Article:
On June 16, 1858, as the newly nominated Republican candidate for the US Senate from Illinois, Abraham Lincoln delivered his famous “House Divided” speech, which highlighted the tensions between various factions in America regarding slavery. It caused a stir among Lincoln’s friends and foes. Lincoln felt it was important to use the “house divided” figure of speech which Jesus used in Matthew 12:25 because it was widely known and simply expressed. He used this metaphor “so it would strike home to the minds of men in order to rouse them to the peril of the times.”
If a divided house can’t stand, the opposite is true—an undivided house stands unified. In principle, that’s what the household of God is designed to be (Ephesians 2:19). Though made up of people from various backgrounds, together we’ve been reconciled to God (and each other) through Jesus’ death on the cross (vv. 14–16). In view of this truth (see Ephesians 3), Paul offers this instruction to believers in Jesus: “Make every effort to keep the unity of the Spirit through the bond of peace” (4:3). Today, when heightened tensions threaten to divide people who are otherwise united, such as our families and fellow believers, God can give the wisdom and strength needed to keep unity with one another through the help of the Spirit. This will cause us to be light in a dark, divided world.
The gleeful shouts arising from our basement came from my wife, Shirley. For hours she’d wrestled with a newsletter project, and she was ready to be done with it. In her anxiety and uncertainty about how to move forward, she prayed for God’s help. She also reached out to Facebook friends and soon the project was completed—a team effort.
While a newsletter project is a little thing in life, small (and not so small) things can bring about worry or anxiousness. Perhaps you’re a parent walking through the stages of childrearing for the first time; a student facing newfound academic challenges; a person grieving the loss of a loved one; or someone experiencing a home, work, or ministry challenge. Sometimes we’re needlessly on edge because we don’t ask God for help (James 4:2).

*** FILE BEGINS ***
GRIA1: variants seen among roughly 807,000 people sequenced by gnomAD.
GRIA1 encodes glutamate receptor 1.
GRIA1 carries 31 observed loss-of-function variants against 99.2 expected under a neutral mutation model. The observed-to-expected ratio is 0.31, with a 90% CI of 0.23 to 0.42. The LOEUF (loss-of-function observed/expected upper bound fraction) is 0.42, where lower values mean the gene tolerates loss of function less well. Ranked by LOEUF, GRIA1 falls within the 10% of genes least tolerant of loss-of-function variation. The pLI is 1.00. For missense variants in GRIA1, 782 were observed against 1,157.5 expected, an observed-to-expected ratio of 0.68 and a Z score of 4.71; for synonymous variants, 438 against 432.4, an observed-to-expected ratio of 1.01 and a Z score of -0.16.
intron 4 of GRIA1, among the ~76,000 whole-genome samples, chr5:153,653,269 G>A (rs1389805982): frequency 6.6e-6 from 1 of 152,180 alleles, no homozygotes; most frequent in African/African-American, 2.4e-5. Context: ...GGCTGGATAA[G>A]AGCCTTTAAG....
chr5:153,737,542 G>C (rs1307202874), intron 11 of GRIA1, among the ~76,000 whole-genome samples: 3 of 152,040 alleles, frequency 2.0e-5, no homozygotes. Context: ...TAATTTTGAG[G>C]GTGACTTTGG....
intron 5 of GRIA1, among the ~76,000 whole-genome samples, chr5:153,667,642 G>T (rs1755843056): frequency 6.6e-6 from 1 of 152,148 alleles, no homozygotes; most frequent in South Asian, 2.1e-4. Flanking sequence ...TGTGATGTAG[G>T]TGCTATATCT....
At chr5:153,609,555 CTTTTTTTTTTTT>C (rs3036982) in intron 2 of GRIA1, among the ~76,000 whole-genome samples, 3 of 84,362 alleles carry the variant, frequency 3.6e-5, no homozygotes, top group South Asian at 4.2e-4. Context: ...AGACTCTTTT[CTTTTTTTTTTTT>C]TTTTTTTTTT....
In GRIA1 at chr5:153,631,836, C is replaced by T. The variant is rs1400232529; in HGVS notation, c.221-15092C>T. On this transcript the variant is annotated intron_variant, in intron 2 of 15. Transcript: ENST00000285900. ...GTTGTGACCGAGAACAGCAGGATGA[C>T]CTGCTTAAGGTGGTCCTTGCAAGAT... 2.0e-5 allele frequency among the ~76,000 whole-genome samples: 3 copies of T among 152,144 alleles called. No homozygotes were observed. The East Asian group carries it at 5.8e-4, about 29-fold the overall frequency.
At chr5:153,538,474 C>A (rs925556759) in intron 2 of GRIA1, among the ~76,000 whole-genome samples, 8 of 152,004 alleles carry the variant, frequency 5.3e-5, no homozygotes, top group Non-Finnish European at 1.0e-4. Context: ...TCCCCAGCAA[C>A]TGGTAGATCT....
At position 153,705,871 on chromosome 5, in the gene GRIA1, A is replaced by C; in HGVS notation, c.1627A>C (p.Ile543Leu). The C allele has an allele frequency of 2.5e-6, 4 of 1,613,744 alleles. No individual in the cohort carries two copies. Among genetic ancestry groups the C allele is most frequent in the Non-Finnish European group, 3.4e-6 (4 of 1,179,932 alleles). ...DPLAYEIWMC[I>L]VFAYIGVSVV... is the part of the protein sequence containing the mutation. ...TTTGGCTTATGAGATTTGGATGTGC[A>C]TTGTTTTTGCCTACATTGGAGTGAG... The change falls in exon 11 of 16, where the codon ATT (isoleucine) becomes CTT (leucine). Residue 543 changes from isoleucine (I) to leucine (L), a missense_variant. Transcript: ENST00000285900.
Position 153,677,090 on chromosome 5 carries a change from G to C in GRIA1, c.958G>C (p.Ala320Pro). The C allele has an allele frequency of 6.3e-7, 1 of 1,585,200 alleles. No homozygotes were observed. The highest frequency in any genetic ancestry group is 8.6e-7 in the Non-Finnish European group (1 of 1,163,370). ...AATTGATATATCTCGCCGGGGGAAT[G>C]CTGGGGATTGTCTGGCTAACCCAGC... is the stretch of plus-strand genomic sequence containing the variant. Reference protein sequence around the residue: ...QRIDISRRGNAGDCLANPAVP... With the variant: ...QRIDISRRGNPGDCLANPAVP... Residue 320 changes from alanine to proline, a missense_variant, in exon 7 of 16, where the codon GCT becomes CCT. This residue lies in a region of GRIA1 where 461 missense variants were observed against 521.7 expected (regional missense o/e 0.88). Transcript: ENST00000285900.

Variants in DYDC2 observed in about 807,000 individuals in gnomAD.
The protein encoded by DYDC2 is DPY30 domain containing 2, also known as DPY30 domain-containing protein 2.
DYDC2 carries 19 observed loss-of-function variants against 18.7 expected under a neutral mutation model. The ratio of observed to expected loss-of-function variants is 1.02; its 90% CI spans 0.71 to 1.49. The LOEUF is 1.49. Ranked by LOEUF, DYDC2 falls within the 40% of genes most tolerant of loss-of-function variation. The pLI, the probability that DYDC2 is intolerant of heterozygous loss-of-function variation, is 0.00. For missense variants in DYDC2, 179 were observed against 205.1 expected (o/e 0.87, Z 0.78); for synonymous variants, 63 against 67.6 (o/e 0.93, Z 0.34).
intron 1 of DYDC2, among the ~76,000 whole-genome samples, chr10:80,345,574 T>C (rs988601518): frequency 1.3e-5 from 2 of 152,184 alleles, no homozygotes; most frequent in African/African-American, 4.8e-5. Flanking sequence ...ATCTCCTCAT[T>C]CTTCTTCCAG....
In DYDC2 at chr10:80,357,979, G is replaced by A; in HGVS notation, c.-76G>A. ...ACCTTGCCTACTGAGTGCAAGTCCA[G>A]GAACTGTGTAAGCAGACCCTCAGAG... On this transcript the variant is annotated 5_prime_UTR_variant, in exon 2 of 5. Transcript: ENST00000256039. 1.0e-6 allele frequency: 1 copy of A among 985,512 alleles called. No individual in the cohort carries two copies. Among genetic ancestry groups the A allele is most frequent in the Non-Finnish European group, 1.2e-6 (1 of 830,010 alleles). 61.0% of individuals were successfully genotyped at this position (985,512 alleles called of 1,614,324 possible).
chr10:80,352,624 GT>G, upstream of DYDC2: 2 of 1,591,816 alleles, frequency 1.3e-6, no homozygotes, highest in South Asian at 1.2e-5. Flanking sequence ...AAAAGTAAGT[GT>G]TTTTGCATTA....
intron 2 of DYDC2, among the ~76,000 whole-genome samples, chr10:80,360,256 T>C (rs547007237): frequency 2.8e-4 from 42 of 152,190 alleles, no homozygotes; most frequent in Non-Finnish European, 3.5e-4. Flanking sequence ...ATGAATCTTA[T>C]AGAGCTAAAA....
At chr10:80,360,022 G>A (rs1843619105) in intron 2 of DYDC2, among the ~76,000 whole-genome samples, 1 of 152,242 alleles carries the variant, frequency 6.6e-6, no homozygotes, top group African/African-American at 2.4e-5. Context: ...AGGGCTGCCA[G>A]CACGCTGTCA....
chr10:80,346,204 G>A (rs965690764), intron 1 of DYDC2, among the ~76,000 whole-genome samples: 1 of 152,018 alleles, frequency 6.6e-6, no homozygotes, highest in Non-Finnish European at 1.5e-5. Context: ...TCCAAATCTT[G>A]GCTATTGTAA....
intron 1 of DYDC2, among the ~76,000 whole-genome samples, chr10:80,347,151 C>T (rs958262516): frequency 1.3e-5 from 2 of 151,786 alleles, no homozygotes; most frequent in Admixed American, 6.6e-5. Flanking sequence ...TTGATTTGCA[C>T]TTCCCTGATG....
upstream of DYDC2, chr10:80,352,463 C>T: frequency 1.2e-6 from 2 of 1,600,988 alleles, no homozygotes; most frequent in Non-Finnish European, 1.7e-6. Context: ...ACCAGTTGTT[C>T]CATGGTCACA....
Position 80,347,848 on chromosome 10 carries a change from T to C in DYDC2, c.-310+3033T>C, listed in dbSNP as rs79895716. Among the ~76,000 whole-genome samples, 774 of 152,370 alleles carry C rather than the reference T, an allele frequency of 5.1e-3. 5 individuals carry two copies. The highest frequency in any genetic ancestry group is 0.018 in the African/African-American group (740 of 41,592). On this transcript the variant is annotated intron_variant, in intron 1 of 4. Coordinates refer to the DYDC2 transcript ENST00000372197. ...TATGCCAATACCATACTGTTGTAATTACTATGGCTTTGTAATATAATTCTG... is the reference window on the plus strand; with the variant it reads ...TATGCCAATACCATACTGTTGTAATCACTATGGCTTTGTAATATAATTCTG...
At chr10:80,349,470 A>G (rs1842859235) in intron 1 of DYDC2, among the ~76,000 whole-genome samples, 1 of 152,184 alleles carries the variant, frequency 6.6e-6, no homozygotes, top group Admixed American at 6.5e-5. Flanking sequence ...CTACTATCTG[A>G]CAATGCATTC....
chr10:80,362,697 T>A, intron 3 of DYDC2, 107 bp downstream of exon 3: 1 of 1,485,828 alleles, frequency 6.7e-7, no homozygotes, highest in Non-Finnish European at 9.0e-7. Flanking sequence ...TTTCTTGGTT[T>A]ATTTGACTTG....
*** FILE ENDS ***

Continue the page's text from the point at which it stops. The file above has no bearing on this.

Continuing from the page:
Paul pointed the followers of Jesus in Philippi—and us—to our first line of defense in times of need: “Do not be anxious about anything, but in every situation, by prayer and petition, with thanksgiving, present your requests to God” (Philippians 4:6). When life gets complicated, we need reminders like the one from the hymn “What a Friend We Have in Jesus”: Oh what peace we often forfeit, oh what needless pain we bear, all because we do not carry, everything to God in prayer.
And perhaps in our asking God for help, He’ll lead us to ask people who can assist us.
After a customer at a grocery store self-checkout station had completed her transaction, I made my way to the station and proceeded to scan my goods. Unexpectedly, a visibly angry person confronted me. I’d failed to notice that she was actually next in line for checkout. Recognizing my mistake, I sincerely said, “I’m sorry.” She replied (though not limited to these words), “No, you’re not!”
Have you ever found yourself in a situation where you were wrong, acknowledged it, and tried to make things right—only to be rebuffed? It doesn’t feel good to be misunderstood or misjudged, and the closer we are to those we offend or those who offend us, the more painful it is. How we wish they could see our hearts!
The prophet Isaiah’s snapshot in Isaiah 11:1–5 is that of a God-appointed ruler with wisdom for perfect judgment. “He will not judge by what he sees with his eyes, or decide by what he hears with his ears; but with righteousness he will judge the needy, with justice he will give decisions for the poor of the earth” (vv. 3–4). This was fulfilled in the life and ministry of Jesus Christ. Though in our sinfulness and weakness we don’t always get it right, we can take heart that the all-seeing, all-knowing God of heaven knows us fully and judges us rightly.